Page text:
Ever had your stomach swollen like a big balloon after a meal? A burning feeling in your chest (and no, not because that special someone just walked in)? Could not stand up straight from stomach cramps? You might have upset the trillions of microorganisms that are crawling around in your gut. Our bodies contain more of these microbes (bacteria, viruses and fungi) than human cells and they are incredibly important for your health1. Amongst other things, they help you to digest food and develop immune cells2. Better keep these little guys happy!
Gut bacteria: the more the merrier
In performing all those essential functions, diversity of your microbiome, the community of microbes living in your gut, is key1. The more different species of microbes, the better!
Unfortunately, our western lifestyles reduce the diversity of our gut bacteria in many ways. A poor diet, medication, pollution, and stress all compromise our microbiome2. Low diversity of gut bacteria can allow other bacteria to take the stage and disturb the microbial balance. This imbalance is associated with the bloated stomach, cramps, heartburn and reflux you might experience.
How to become your microbiome’s BFF
The good news is that we can influence our gut microbiome for the better and deal with that indigestion. In order to become best friends with our microbes, we need to adjust our lifestyle to their needs. So what is it that our little buddies want?
Go wild on fibre
Our gut bacteria are crazy about fibre. They use it to create essential metabolites that our bodies cannot produce, like certain vitamins and amino acids. So how do we get fibre to our gastrointestinal friends? Dietary fibre is found in plant-based foods. More specifically, it refers to the parts of plant-based foods that cannot be broken down by our digestive system. Fruits and vegetables are full of fibre, as are oats, rye, barley, nuts, like almonds and peanuts, and seeds, like sesame seed and flaxseed3. Try to eat at least 30g of fibre a day and your microbes will be thankful!
Avoid sugar, go for good-quality carbs
Sugar is harmful to our microbe-friends. Unfortunately, our modern western culture makes excessive sugar intake far too easy. And I am not just talking about that chocolate muffin or doughnut. The great amount of processed foods available to us, contains loads of sugar. And it is not just sweet things that have sugar in them: think of that jacket potato, plate of spaghetti or slice of bread. It is not just the amount of carbs you eat that is important, the type of carbohydrate is essential for your health. It is important to get your carbs from whole foods: whole grains, vegetables, and fruits are great sources of carbohydrates. Ideally, 40% of your daily food intake should come from vegetables, 10% from fruits and another 10% from whole grains. Note that these percentages might be different on doctor’s advice for people suffering from certain diseases. Besides just carbs, whole foods contain other essential nutrients as well, like fibre and vitamins. Try to avoid processed foods, like pastries, white bread, white pasta, white rice, and fruit juices. These foods generally lack other nutrients and are empty calories. They do not do much for your gut bacteria.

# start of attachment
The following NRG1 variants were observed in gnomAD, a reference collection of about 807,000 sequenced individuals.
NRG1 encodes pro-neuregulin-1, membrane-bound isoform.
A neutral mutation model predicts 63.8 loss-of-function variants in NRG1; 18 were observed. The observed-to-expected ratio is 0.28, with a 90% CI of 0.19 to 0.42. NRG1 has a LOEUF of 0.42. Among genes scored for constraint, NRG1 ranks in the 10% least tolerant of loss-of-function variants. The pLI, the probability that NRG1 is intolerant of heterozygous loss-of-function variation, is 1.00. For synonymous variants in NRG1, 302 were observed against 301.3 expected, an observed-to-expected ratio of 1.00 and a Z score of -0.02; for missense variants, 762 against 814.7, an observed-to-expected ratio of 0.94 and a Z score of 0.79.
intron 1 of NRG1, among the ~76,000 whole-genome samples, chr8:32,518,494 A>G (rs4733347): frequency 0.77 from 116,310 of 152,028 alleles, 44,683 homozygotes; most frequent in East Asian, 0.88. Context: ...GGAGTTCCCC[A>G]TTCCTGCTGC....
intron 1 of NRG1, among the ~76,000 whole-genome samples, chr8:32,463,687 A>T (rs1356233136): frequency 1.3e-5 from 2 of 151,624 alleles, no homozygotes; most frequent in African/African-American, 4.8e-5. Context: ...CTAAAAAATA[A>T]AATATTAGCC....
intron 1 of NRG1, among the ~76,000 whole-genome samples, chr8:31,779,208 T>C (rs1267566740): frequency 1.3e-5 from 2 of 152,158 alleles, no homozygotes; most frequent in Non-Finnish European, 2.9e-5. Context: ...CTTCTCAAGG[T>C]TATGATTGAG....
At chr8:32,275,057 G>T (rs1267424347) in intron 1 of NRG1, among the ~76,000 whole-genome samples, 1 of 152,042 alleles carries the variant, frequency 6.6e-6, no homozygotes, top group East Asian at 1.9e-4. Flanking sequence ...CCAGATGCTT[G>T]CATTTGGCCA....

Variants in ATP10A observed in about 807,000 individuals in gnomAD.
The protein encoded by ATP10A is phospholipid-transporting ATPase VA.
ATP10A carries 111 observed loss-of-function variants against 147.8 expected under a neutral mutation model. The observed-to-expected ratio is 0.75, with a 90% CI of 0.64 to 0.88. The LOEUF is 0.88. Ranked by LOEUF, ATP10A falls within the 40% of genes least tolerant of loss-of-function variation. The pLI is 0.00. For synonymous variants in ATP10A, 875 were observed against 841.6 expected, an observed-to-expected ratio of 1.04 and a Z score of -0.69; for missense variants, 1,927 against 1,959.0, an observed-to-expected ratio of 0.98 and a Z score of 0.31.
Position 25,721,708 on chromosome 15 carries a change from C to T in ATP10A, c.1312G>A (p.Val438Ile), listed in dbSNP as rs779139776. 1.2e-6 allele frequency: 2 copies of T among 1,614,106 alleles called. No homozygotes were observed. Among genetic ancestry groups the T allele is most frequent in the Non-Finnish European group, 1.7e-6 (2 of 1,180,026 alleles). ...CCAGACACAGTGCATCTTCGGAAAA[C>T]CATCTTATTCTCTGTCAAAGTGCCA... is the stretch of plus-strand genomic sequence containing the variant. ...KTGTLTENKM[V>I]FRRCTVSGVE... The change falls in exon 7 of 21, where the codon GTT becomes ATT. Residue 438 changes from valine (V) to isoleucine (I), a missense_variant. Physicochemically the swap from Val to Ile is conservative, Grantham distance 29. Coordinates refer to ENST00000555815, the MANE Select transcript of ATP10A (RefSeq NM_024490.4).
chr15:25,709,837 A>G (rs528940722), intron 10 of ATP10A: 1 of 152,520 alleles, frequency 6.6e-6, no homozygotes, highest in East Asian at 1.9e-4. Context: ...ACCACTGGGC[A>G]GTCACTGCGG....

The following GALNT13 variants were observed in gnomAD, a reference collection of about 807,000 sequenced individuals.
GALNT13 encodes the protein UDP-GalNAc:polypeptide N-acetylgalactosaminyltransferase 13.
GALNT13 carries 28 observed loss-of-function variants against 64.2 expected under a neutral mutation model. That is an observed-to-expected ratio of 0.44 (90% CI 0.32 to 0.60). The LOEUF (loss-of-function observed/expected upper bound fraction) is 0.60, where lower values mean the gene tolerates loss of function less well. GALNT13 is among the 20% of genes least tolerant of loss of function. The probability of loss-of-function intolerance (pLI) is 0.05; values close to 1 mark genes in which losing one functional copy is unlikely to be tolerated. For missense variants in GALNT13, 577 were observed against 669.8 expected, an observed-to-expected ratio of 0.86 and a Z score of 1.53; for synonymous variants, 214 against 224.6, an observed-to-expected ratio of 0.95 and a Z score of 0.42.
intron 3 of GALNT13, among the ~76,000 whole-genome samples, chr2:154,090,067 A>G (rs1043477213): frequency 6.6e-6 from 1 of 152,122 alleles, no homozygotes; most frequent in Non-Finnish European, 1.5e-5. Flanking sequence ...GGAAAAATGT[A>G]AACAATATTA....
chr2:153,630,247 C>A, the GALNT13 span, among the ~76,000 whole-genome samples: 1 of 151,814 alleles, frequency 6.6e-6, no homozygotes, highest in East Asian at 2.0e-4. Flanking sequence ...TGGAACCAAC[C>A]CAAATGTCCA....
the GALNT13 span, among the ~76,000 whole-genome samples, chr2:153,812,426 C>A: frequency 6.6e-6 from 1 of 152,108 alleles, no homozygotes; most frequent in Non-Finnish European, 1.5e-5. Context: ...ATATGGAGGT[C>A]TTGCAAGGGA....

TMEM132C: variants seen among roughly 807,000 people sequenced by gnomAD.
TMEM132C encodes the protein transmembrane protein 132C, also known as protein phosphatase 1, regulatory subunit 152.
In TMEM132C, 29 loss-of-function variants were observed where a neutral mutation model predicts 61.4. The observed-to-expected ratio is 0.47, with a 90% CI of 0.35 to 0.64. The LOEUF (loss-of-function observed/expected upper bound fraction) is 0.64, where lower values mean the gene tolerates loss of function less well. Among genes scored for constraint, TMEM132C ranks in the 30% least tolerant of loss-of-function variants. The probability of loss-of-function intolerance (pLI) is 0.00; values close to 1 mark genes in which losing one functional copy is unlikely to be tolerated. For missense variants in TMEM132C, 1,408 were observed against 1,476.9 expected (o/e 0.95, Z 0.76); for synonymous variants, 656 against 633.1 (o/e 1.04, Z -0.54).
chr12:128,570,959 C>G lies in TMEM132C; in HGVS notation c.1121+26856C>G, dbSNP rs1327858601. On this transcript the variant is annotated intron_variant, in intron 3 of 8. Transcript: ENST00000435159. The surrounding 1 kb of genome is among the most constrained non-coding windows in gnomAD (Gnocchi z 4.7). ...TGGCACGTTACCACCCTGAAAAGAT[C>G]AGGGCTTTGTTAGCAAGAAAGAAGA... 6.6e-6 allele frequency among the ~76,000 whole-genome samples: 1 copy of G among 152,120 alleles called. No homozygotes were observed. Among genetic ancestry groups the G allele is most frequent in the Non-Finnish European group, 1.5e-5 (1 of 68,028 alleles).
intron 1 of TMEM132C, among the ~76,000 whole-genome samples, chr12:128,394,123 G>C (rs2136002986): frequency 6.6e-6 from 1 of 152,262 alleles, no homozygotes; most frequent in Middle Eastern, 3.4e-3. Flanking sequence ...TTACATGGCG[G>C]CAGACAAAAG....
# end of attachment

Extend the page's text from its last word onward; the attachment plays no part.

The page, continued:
Good carbs, bad carbs, and the glycemic index
An important factor to consider when choosing your carbohydrates is the glycaemic index (GI). This scale ranks carbohydrates by how quickly they cause increases in blood sugar levels. Low GI foods on this 0 to 100 scale, like carrots and quinoa, are ranked below 55.
High GI foods like white bread and potatoes are ranked between 70 and 100. High GI foods cause quick spikes in blood sugar. In order to lower the blood sugar, the body produces the hormone insulin, which is associated with fat storage. Better keep your blood sugar down!
The GI of foods is lowered when you eat them together with fat and protein rich foods. Let us take a look at good and bad sources of fat.
Embrace the good fats, cut down on the bad ones
As with carbs, the type of fat you eat makes a huge difference. Eating to much saturated fat and trans fat can disturb the balance between certain gut bacteria, like Bacteroides (B) and Firmicutes (F) bacteria4. B Bacteria play a role in the digestion of fibre and F bacteria in the digestion of fat2. Your F bacteria population will increase when you eat too much saturated and trans fat. So go easy on those. Saturated fat is found in meat, cheese, and other animal products. Trans fat is found in margarine, crisps, cookies and other baked foods. The good guys in the fat family are the mono- and polyunsaturated fats. You need them amongst other things for your hormone production, to absorb vitamins, and to build cell membranes. Olive oil, most nuts and avocados are full of monounsaturated fats. Polyunsaturated fats are found in fish, walnuts, sunflower seeds, and flaxseed.
Befriend your microbes, go RYH
If you want to include more fibre, good carbs and unsaturated fats in your diet and avoid processed foods, bad carbs and saturated and trans fats, the Reset Your Health plan can be a great help. Enjoy the many delicious and nutritious recipes and get ready to wave goodbye to your stomach pains, your cramps, your heartburn, your bloating and your gas. Instead, you can warmly welcome your new best friends: a huge diversity of species of gut bacteria.
1 Quigley EMM. Gut Bacteria in Health and Disease. Gastroenterol Hepatol (N Y). 2013;9(9):560-569. http://www.ncbi.nlm.nih.gov/pmc/articles/PMC3983973/.